The Inverted-U Curve and How it Applies to You

In Malcolm Gladwell’s most recent book, David and Goliath, he dissects our commonly-held beliefs about advantages and disadvantages. The books centers around these two questions: Are what we usually perceive as advantages really advantages? And are what we see as disadvantages really disadvantages? This is one of the reasons why I love Gladwell’s writing; he challenges our thinking and changes the way we look at things. One of the concepts he uses to support his argument about advantages and disadvantages is the inverted-U curve.

Inverted U Curve

Gladwell uses the example of elementary and middle school class size to illustrate the theory of the inverted-U curve. Basically, if there are too many kids in a class, the learning environment is compromised, and their academic achievement will suffer. That much is not surprising. But, what is surprising, and almost counterintuitive, is that if there are too few students in a class, academic achievement will suffer as well.

Take a look at the graph above. As you can see, as class size decreases, academic achievement increases…to a point. If class size continues decreasing past that point, academic achievement will be negatively affected. Lots of research and anecdotal evidence supports this idea. In fact, the perfect number of students per class seems to be somewhere around 18. Deviate too far above or below this number, and you run the risk of hurting the academic performance of your students.

Mind Blown

What the inverted-U curve theory essentially proposes is that there is an optimal level, or “sweet spot” for many things. While this theory may not apply to everything, it certainly carries a lot of merit. Naturally, after I read about it in David and Goliath, I thought about how it applied to the world of strength and conditioning. Let’s look at a few simple examples.

Take mobility. I think most of us would agree that not having enough mobility in a certain area of the body isn’t good, and that if mobility in that area isn’t increased, injury risk goes up. However, if too much mobility is added, without the stability to control that new range of motion, that is not good, and injury risk goes up, too. Too much mobility isn’t a good thing.

Think about strength. Is it necessary for a professional football player to have a 1,000 pound squat? Not necessarily. You could argue that if they don’t have the ability to translate that strength into sport-specific and position-specific demands on the field, it could decrease their performance. Also, the inherent risk for injury increases as the weight on the bar increases. On the flipside, if a professional football player could only squat 135 pounds, we would probably agree that his performance on the field may suffer and his injury risk may be increased because he isn’t strong enough. Having high levels of strength isn’t always good, just as not having enough strength isn’t good, either.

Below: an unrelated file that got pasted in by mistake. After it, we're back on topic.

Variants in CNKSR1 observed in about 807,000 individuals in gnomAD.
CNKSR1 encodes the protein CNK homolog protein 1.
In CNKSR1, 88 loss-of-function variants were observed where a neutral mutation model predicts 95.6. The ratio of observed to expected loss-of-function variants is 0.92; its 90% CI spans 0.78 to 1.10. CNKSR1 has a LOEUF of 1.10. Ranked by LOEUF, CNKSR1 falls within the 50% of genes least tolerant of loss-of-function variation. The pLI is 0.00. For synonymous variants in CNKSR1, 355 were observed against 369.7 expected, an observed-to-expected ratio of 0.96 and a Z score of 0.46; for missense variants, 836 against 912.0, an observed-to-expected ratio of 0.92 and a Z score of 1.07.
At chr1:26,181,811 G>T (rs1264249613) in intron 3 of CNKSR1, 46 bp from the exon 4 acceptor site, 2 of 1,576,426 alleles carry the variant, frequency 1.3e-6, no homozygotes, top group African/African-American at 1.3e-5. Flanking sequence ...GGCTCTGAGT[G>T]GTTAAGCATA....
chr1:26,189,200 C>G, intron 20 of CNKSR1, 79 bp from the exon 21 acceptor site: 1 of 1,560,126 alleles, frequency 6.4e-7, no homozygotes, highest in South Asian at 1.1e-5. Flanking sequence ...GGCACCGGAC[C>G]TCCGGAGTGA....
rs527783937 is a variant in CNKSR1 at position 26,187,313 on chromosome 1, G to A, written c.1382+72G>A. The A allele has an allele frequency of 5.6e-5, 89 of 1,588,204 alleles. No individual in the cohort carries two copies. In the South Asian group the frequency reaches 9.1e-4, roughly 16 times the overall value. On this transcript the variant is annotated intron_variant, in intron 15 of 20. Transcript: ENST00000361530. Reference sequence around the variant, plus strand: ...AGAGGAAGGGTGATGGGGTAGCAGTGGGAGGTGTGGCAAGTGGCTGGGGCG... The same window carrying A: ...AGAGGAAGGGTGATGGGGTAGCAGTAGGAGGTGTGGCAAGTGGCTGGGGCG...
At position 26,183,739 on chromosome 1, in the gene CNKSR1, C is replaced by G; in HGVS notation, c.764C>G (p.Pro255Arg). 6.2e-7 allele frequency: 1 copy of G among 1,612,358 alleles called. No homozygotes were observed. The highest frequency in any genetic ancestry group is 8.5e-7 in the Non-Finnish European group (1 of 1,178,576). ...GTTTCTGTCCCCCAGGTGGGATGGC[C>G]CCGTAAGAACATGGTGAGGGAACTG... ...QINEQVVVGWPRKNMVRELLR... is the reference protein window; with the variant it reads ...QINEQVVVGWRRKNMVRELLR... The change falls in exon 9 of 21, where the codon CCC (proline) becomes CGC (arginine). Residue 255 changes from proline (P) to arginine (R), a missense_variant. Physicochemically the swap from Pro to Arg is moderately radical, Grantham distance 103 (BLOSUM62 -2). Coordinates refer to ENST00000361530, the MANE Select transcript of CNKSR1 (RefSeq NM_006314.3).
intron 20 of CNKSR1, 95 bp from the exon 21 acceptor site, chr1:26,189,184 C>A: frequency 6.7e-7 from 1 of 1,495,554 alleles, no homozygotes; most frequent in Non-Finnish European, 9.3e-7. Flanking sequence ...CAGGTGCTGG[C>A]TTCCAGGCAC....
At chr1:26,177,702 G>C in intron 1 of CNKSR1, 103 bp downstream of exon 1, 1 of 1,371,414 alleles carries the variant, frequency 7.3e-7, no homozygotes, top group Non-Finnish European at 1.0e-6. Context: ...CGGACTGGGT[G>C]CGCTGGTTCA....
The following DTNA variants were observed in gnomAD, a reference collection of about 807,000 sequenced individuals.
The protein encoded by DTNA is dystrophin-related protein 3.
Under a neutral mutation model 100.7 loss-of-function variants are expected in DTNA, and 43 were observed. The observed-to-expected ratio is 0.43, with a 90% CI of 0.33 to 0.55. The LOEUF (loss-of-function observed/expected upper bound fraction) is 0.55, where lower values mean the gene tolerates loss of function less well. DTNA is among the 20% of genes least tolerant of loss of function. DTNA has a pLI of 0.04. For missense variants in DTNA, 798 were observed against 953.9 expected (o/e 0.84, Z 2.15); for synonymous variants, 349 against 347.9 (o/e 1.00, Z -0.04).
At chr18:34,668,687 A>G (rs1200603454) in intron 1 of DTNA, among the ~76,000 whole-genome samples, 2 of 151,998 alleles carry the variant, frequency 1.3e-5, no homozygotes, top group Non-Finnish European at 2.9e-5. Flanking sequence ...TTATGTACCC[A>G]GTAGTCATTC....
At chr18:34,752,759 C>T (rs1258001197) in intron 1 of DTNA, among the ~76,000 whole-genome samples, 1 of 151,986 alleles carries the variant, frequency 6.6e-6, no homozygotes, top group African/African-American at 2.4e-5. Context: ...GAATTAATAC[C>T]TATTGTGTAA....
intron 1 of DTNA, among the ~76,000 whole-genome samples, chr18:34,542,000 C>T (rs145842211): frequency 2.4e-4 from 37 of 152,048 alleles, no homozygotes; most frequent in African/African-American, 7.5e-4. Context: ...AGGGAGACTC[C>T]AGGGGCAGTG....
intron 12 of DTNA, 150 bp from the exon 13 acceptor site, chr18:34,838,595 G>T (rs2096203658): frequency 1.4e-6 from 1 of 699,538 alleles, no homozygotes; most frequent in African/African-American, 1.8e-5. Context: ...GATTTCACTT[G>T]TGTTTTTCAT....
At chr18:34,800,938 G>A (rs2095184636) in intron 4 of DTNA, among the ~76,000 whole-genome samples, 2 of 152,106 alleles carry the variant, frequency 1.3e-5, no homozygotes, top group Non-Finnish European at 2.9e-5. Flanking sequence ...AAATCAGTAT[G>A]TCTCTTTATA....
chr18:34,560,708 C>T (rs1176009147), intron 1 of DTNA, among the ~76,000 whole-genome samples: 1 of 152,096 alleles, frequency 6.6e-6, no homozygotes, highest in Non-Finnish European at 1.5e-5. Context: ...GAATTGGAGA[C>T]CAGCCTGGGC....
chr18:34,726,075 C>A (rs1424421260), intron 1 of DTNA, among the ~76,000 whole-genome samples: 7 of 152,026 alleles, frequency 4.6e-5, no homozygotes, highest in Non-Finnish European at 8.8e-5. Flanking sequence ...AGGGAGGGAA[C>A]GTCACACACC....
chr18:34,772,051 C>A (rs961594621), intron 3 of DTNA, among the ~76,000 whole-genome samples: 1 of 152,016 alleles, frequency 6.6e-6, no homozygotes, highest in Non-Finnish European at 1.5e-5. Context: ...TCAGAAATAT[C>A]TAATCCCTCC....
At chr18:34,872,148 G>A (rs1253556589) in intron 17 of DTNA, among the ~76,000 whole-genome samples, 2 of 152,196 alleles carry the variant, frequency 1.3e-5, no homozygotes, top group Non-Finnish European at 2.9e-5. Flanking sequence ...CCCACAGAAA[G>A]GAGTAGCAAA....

How about physical stress? In order to make progress towards your fitness goals, you need to apply a certain amount of stress to your body. If too much stress is applied, you run the risk of overtraining; you won’t make progress, and even worse, you will drift farther away from your goals. If too little stress is applied, you still won’t make any progress, as the body is not being forced to adapt to anything. Beyond even just physical stress, there are also certain levels of general stress that are necessary for a happy and productive life. Again, too much is bad, and too little is also bad.

The inverted-U curve tells us that the answer to many things is “somewhere in the middle.” That may seem a bit vague, and rightfully so, because that answer is highly individualistic. How much mobility should you have? That is going to depend on many factors, and the answer will be different for everybody. How strong should you be? Again, it depends. How frequently and intensely should you train to achieve your goals? That, too, depends on the individual, as everybody responds differently to a physical stressor or stimulus.

You can think of the three examples I’ve provided as continuums: one for mobility, one for strength, and one for stress. Pick one of them and think about where you might fall on that continuum. Everyone will be at a different spot, and may need to eventually end up at a different spot depending on the definition of optimal performance and well-being. What we can say, and what the inverted-U curve has shown, is that it is not always beneficial to be at the extremes of a given spectrum. Many of you have probably heard the phrase, “More isn’t always better.” That’s very true, but less isn’t always better, either.

The inverted-U curve theory is certainly prevalent in our world, and can be applied in several areas of our lives, including training, nutrition, and supplementation. Take some time to examine some of the “spectrums” that are important to you and see where you stand. The key to your health, goals, or success may mean being somewhere in the middle.